Tag: Feature

Just waiting for my Nobel Peace Prize.

Sometimes the things I want to say to you are so important to me that it’s paralyzing. I’m so desperate to string together the perfect words to make you act, that I don’t even know where to start.  It’s a heavy burden.

It’s ok though, because I SOLVED ALL THE WORLD’S PROBLEMS!

As I sat drawing at my kitchen table (and continuing to avoid writing), I realized that there’s really only one word you need to understand. One word could repair the fabric of our society the way no legislation, politician or protest can: DIGNITY.

If everyone started honoring the dignity in everyone else the way we deserve just because we exist as human beings, and if we conducted ourselves with the dignity we all posses by the same virtue, all of this ugliness would dry right up.

Here’s how it works: There’s no way you can mistreat someone if you aren’t willing to drag yourself down to that level, and you can’t be sexist, racist, homophobic or discriminate against anyone (or allow your elected officials to do so) if you consider their quality of life first, and how it erodes their dignity (and yours) every single time. The less you’re in touch with your inherent dignity, the easier it is to rob someone of theirs, perpetuating the cycle of mean people creating more mean people. Don’t be mean.

Sounds too simple you say? It really IS simple. It’s the other stuff that’s convoluted. All the ways and reasons we use to hold each other down are only constructed to perpetuate a false bottom. You see, we are all equal. That is a fact. No one starts out any better or more deserving of their dignity that anyone else, but some folks can’t stand not being at the top. You can’t have a top without having a bottom, so the bottom was created one stereotype and one ignorant assumption at a time.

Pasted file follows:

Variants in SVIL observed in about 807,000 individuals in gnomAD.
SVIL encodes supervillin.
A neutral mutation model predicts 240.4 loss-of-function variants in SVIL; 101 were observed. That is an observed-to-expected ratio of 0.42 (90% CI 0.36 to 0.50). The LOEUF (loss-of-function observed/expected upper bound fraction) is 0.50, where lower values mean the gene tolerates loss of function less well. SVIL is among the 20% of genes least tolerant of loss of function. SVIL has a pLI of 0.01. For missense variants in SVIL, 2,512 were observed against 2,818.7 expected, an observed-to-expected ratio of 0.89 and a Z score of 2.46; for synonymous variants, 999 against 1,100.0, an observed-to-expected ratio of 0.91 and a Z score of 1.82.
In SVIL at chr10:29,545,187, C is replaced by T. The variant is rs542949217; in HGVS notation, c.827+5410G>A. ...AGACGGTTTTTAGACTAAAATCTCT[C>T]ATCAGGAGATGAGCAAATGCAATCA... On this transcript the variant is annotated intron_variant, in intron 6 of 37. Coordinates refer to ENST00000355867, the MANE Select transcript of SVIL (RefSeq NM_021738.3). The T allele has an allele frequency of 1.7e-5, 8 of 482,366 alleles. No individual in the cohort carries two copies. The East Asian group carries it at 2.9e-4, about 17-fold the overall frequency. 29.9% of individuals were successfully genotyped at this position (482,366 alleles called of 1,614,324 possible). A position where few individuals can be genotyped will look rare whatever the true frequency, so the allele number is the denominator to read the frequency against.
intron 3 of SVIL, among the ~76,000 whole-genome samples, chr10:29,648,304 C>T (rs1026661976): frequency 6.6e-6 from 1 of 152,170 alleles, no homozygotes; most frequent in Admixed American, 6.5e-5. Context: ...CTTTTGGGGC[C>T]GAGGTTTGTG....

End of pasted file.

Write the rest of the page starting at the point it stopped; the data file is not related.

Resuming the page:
It won’t happen overnight. Maybe it won’t even happen in my lifetime, but it starts with us being cognizant of the way we act, and teaching that to our children until there’s an entire generation that doesn’t remember anything different, and respect is the norm. They will read of our ignorance and prejudices in their history books and be appalled. Can you imagine!?

 

 

 

 

 

 

 

 

 

 

 

I’m not sick!

I had a fairly deep conversation with myself this morning, over a steaming sink of dirty dishes. I realized myself was making a pretty decent point, so I decided to let you in on the chat.
I grew up in a church that subscribes to practice of the laying on of hands in prayer for divine healing. For more than 20 years of my life, I attended youth camps and prayer meetings. I was in church every time the doors were opened, and sometimes I just used my key.
Countless times while in those services, I’d make my way to the altar by way of cane, walker, wheelchair or under my own power to seek prayer for a range of ailments and trials.
More often than not, I’d immediately be surrounded by my fellow believers who were praying, not for the encouragement or guidance I was seeking, but strictly for God to deliver me from my wheelchair.
Just to be clear, Friends, this talk doesn’t really have anything to do with religion, and I’ve got no grudge of any kind. It’s about the prevailing idea that all people with imperfect bodies want to be normal, that we’re anomalies in the spectrum of humanity that have to be dealt with some how.
If typical people didn’t perpetuate that ideology, we would have more ramps and fewer stairs. Ramps work for everyone. Stairs don’t. If there were fewer accessibility barriers, there would be less unemployment among disabled people. I could go on and on…
When people assumed I was seeking healing because I have a visible disability, it feels like A) that attribute of myself is totally unacceptable, and B) they’re disrespecting the way God made me, not even considering it might be for a purpose.
           
Don’t get me wrong, for the most part, they’re good people doing what they sincerely believe God wants them to do, but why didn’t occur to anyone that God made me exactly the way he meant for me to be? My whole life I’ve heard talk about how we are “fearfully and wonderfully made”, but then we pray for the deliverance of people who were somehow made incorrectly?
People will line up all day long to tell you your plight was God’s will, unless it’s something that makes them uncomfortable, then you need to be delivered from it. Who gets to decide where that line is?